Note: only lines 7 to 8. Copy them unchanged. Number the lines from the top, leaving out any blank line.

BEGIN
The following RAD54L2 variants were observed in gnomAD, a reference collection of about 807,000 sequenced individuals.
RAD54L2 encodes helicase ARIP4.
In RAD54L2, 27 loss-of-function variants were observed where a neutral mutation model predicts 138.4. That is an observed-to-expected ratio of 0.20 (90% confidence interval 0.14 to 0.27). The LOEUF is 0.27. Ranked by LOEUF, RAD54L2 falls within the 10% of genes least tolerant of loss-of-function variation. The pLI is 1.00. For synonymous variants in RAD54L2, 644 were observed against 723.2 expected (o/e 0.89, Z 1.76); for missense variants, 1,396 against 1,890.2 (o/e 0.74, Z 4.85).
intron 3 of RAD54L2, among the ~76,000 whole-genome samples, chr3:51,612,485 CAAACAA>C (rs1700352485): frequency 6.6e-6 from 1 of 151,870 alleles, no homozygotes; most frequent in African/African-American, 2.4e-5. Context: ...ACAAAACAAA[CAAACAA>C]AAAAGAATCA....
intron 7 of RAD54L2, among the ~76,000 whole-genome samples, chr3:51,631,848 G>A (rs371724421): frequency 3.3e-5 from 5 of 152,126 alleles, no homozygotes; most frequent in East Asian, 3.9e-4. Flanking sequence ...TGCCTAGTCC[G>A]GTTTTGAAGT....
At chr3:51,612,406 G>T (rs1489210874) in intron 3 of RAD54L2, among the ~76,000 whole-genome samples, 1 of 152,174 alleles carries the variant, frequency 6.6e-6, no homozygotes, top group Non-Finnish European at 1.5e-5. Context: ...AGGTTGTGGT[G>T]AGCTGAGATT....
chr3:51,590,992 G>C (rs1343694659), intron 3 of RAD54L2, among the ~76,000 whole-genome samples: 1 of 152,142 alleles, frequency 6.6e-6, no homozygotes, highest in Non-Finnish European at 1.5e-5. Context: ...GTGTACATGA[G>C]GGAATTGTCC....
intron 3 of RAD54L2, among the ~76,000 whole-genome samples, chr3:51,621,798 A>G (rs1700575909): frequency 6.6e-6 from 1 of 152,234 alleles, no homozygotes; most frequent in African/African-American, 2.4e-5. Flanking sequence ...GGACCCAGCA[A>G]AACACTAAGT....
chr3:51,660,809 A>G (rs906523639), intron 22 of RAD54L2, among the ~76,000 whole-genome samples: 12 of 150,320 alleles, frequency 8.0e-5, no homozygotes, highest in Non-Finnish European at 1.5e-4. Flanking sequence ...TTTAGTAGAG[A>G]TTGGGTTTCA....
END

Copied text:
chr3:51,590,992 G>C (rs1343694659), intron 3 of RAD54L2, among the ~76,000 whole-genome samples: 1 of 152,142 alleles, frequency 6.6e-6, no homozygotes, highest in Non-Finnish European at 1.5e-5. Context: ...GTGTACATGA[G>C]GGAATTGTCC....
intron 3 of RAD54L2, among the ~76,000 whole-genome samples, chr3:51,621,798 A>G (rs1700575909): frequency 6.6e-6 from 1 of 152,234 alleles, no homozygotes; most frequent in African/African-American, 2.4e-5. Flanking sequence ...GGACCCAGCA[A>G]AACACTAAGT....